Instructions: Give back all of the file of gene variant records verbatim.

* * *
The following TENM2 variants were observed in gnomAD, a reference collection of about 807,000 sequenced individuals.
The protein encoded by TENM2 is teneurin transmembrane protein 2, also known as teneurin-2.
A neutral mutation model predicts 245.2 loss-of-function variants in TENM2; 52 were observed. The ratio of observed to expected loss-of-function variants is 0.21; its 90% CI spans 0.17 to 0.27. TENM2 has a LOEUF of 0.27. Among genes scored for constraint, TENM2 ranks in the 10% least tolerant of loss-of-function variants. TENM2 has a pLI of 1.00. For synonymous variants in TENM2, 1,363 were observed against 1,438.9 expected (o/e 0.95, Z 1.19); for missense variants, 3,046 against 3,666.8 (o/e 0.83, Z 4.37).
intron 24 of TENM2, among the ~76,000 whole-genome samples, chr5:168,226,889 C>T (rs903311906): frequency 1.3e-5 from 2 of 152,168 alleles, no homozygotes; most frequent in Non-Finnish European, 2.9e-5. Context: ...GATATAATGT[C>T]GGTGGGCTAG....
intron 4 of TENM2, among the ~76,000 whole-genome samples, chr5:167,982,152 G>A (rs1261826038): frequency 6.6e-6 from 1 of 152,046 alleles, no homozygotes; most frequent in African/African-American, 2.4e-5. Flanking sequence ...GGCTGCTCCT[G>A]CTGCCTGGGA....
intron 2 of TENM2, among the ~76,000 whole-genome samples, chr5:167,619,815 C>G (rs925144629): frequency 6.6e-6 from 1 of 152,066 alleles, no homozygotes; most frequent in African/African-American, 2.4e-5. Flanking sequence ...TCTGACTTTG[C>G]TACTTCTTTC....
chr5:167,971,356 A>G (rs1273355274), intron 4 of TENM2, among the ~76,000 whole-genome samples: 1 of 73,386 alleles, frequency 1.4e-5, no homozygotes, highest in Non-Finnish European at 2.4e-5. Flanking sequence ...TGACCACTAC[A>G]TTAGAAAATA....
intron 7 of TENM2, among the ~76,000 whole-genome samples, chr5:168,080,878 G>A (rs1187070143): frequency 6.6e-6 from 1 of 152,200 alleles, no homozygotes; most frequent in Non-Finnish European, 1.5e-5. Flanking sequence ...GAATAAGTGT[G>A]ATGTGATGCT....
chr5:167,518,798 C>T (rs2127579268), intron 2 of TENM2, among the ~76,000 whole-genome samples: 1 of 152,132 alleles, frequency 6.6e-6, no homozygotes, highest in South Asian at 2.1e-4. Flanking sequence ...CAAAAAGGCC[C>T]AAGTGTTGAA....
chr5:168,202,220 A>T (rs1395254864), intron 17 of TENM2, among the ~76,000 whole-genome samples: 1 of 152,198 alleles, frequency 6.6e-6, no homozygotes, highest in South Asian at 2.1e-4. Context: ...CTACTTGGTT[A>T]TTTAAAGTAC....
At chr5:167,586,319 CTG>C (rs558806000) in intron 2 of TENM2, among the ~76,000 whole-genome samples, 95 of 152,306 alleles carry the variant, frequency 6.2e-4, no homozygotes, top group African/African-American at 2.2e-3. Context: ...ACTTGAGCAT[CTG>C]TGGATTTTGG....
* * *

The following TENM2 variants were observed in gnomAD, a reference collection of about 807,000 sequenced individuals.
The protein encoded by TENM2 is teneurin transmembrane protein 2, also known as teneurin-2.
A neutral mutation model predicts 245.2 loss-of-function variants in TENM2; 52 were observed. The ratio of observed to expected loss-of-function variants is 0.21; its 90% CI spans 0.17 to 0.27. TENM2 has a LOEUF of 0.27. Among genes scored for constraint, TENM2 ranks in the 10% least tolerant of loss-of-function variants. TENM2 has a pLI of 1.00. For synonymous variants in TENM2, 1,363 were observed against 1,438.9 expected (o/e 0.95, Z 1.19); for missense variants, 3,046 against 3,666.8 (o/e 0.83, Z 4.37).
intron 24 of TENM2, among the ~76,000 whole-genome samples, chr5:168,226,889 C>T (rs903311906): frequency 1.3e-5 from 2 of 152,168 alleles, no homozygotes; most frequent in Non-Finnish European, 2.9e-5. Context: ...GATATAATGT[C>T]GGTGGGCTAG....
intron 4 of TENM2, among the ~76,000 whole-genome samples, chr5:167,982,152 G>A (rs1261826038): frequency 6.6e-6 from 1 of 152,046 alleles, no homozygotes; most frequent in African/African-American, 2.4e-5. Flanking sequence ...GGCTGCTCCT[G>A]CTGCCTGGGA....
intron 2 of TENM2, among the ~76,000 whole-genome samples, chr5:167,619,815 C>G (rs925144629): frequency 6.6e-6 from 1 of 152,066 alleles, no homozygotes; most frequent in African/African-American, 2.4e-5. Flanking sequence ...TCTGACTTTG[C>G]TACTTCTTTC....
chr5:167,971,356 A>G (rs1273355274), intron 4 of TENM2, among the ~76,000 whole-genome samples: 1 of 73,386 alleles, frequency 1.4e-5, no homozygotes, highest in Non-Finnish European at 2.4e-5. Flanking sequence ...TGACCACTAC[A>G]TTAGAAAATA....
intron 7 of TENM2, among the ~76,000 whole-genome samples, chr5:168,080,878 G>A (rs1187070143): frequency 6.6e-6 from 1 of 152,200 alleles, no homozygotes; most frequent in Non-Finnish European, 1.5e-5. Flanking sequence ...GAATAAGTGT[G>A]ATGTGATGCT....
chr5:167,518,798 C>T (rs2127579268), intron 2 of TENM2, among the ~76,000 whole-genome samples: 1 of 152,132 alleles, frequency 6.6e-6, no homozygotes, highest in South Asian at 2.1e-4. Flanking sequence ...CAAAAAGGCC[C>T]AAGTGTTGAA....
chr5:168,202,220 A>T (rs1395254864), intron 17 of TENM2, among the ~76,000 whole-genome samples: 1 of 152,198 alleles, frequency 6.6e-6, no homozygotes, highest in South Asian at 2.1e-4. Context: ...CTACTTGGTT[A>T]TTTAAAGTAC....
At chr5:167,586,319 CTG>C (rs558806000) in intron 2 of TENM2, among the ~76,000 whole-genome samples, 95 of 152,306 alleles carry the variant, frequency 6.2e-4, no homozygotes, top group African/African-American at 2.2e-3. Context: ...ACTTGAGCAT[CTG>C]TGGATTTTGG....